My recent blogs have described both the external and internal forces shaping the property sector, and therefore the role of property PR. I now go on to consider the way in which PR itself is changing the way in which we work.
As very chapter of my book Promoting Property: insight, experience and best practice, shows, technology is bringing about change on every level.
Many traditional PR tactics – such as press packs, media lunches, syndicated videos, wire services and direct mail – have now been replaced with online equivalents including webinars, augmented reality tours, blogs and vlogs, curation of information by algorithm, infographics, heat maps and search engine optimisation. Many off-line tactics – from demonstrations to reviews and all other communications in between – now have a presence online too.
Online significantly increases the speed of communications and the amount of content available: it is estimated by Raconteur that by 2025, 463 exabytes of data will be sent each day – that’s a staggering 43,000,000,000,000,000,000 bytes. Some practitioners feel that that PR has become more reactive following the increased requests for and expectations of information; while others claim that PR strategies must be increasingly proactive in order to get messages heard despite the distractions. Either way, the role of property PR increasingly involves curating, selecting and prioritising information to ensure that the target audience gains access to the most relevant content. The emphasis still needs to be on quality rather than quantity, and information such as research and crowd-sourced comment requires greater interrogation than ever before.
Online, anyone can communicate with an infinite number of people, across the word, with zero budget, at the touch of a button. Inevitably, therefore, online communication has also given a greater voice to stakeholders, whose expectations of communication with companies have risen as a result.
The democratisation of communication has also resulted in a new emphasis on self-proclaimed experts, influencers and thought leaders and consequently, increased competition for a ‘share of the voice’. According to research by Reputation.com, the volume of online reviews has increased by a staggering 1,870% since 2006, and consumers’ trust in reviews has grown to the extent that in some areas of business online reviews are now on a par with word-of-mouth recommendations. Within the property industry, comment has increased in importance relative to statistics, partly due to the influencer effect, but also due to a rapidly changing political and economic scene which renders five or ten year projections worthless.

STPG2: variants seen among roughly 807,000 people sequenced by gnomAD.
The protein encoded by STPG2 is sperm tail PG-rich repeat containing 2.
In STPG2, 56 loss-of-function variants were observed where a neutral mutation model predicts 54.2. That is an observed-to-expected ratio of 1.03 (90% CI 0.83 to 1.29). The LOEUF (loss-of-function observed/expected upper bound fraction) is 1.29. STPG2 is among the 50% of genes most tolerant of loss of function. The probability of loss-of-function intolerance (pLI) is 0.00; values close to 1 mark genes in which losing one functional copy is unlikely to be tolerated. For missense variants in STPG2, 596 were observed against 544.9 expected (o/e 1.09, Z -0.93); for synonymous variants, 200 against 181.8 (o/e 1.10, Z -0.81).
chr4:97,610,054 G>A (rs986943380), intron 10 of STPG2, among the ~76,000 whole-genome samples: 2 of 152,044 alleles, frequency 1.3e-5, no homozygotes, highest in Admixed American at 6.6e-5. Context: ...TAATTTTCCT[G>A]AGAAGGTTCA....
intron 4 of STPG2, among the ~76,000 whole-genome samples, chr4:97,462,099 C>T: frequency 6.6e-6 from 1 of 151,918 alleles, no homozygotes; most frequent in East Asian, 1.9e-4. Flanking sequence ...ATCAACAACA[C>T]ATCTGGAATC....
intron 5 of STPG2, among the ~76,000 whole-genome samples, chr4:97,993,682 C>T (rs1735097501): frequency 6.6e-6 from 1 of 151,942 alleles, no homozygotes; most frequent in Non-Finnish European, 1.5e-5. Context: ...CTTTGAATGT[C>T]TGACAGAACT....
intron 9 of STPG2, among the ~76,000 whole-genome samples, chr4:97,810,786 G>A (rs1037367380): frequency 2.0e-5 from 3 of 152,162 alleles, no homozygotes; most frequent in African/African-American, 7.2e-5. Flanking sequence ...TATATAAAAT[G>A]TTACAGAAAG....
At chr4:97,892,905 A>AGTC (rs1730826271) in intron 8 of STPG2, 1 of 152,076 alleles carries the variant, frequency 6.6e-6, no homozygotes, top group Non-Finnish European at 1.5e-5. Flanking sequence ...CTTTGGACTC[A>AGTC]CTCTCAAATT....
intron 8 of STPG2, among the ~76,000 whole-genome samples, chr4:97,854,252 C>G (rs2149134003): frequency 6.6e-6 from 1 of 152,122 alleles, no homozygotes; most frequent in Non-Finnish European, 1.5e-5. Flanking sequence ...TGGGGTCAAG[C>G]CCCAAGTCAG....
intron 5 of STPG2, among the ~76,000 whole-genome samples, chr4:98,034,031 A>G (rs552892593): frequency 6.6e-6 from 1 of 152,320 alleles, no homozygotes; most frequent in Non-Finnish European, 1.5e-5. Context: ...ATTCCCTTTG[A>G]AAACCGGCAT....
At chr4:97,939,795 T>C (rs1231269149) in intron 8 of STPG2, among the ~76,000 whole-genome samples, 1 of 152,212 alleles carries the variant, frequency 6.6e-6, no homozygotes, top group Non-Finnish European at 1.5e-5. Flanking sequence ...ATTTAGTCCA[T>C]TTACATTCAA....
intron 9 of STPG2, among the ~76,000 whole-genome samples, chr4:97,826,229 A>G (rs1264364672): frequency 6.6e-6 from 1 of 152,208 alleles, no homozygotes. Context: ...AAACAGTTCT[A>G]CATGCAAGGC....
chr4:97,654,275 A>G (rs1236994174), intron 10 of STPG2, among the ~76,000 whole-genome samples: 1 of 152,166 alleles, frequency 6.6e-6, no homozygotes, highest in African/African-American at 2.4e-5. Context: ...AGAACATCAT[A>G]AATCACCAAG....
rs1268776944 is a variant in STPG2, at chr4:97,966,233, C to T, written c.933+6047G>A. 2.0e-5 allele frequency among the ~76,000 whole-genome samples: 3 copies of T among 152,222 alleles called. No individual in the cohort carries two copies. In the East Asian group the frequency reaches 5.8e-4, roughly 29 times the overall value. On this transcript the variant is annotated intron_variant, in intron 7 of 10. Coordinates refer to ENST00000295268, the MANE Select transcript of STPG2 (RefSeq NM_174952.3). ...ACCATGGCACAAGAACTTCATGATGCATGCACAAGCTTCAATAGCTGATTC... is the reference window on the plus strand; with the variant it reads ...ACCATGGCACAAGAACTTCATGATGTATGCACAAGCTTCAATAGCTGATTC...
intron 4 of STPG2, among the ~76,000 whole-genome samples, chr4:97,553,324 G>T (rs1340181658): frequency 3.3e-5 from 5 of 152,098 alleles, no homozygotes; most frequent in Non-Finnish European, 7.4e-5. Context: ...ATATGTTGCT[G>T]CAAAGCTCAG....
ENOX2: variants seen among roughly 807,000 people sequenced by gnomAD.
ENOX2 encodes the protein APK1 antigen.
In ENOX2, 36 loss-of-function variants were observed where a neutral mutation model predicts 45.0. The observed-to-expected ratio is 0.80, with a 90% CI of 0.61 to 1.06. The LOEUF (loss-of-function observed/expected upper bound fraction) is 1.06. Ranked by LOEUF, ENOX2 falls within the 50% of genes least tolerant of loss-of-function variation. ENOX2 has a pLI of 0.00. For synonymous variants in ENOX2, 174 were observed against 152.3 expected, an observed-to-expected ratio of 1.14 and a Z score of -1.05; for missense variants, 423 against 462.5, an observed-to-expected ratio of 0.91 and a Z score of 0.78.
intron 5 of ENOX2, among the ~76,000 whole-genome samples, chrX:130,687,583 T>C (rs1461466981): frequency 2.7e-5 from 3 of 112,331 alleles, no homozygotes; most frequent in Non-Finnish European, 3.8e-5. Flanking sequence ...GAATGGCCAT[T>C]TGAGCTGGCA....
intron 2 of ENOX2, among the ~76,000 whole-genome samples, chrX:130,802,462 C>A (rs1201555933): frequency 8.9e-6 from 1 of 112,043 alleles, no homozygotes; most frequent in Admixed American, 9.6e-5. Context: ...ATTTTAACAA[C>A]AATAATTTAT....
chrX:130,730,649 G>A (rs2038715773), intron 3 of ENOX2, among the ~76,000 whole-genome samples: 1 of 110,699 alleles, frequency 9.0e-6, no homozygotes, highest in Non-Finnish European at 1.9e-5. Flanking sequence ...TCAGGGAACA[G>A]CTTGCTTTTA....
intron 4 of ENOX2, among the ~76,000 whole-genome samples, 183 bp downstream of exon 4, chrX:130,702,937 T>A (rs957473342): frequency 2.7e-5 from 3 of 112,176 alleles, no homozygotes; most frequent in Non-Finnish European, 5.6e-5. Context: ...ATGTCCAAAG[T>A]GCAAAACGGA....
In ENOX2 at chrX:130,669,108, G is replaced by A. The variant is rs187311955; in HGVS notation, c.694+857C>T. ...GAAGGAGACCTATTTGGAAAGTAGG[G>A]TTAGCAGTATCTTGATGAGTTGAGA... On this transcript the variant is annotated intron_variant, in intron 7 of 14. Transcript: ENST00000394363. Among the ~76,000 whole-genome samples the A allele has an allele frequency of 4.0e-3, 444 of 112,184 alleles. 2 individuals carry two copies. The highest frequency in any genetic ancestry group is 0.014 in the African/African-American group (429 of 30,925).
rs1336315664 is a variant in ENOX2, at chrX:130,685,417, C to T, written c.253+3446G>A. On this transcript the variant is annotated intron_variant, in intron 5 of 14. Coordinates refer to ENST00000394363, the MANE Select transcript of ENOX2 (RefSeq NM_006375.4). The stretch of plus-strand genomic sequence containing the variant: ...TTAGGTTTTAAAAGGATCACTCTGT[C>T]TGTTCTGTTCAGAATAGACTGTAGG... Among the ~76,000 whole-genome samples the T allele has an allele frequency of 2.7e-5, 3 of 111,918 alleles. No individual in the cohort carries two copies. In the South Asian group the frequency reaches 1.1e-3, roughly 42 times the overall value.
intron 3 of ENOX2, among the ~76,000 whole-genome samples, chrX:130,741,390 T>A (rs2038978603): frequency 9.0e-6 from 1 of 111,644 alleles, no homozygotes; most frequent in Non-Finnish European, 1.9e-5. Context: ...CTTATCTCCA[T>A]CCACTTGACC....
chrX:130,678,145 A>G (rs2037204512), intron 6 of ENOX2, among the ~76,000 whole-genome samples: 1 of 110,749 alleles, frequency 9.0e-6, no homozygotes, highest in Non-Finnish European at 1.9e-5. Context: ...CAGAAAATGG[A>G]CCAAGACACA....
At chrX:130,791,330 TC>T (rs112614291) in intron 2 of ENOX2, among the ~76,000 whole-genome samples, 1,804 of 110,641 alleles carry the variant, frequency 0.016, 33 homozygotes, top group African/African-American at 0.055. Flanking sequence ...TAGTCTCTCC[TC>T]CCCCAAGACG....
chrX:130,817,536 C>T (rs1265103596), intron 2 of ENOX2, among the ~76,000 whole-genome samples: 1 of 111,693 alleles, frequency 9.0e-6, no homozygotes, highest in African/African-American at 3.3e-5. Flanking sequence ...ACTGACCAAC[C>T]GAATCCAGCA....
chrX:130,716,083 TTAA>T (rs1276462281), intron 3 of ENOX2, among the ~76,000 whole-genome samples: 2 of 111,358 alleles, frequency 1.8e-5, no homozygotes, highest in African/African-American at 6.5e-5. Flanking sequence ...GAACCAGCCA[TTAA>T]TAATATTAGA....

The communication profession, rightly or wrongly, is responding to change by communicating more information, through more channels and more varied tactics, with more speed. We are on constant standby to respond to immediate feedback and to be held to account by an increasingly broad and circumspect audience. There is no doubt that our role has increased.
Partly in response to the information overload, but also capitalising on new opportunities to do so, communication is increasingly targeted. While property companies now have the means to communicate directly with key audiences, they also have the opportunity to use influencers – whether internal or external – to target a message, with the benefit of an endorsement. We see this played out on social media, minute by minute. At the same time, property companies are increasingly using very specialist blogs to reach a clearly defined audience, and those that do this well ensure that their message is highly targeted to the interests of that niche group.
Ironically perhaps for an industry which values relationships highly, there is an increasing element of automation in targeting influencers, with online marketing agencies offering a service whereby content can be ‘funnelled’ to reach the ideal end user. As automation matures the likelihood of such methods to promote thought leadership will increase.
Promoting Property: insight, experience and best practice provides up to date guidance on how PR professionals can best serve clients and capitalise upon the opportunities brought about by change. The content of this blog is taken from my book Promoting Property: insight, experience and best practice, which was published on 30 April 2020. It can be purchased online via Routledge, Amazon and other main booksellers.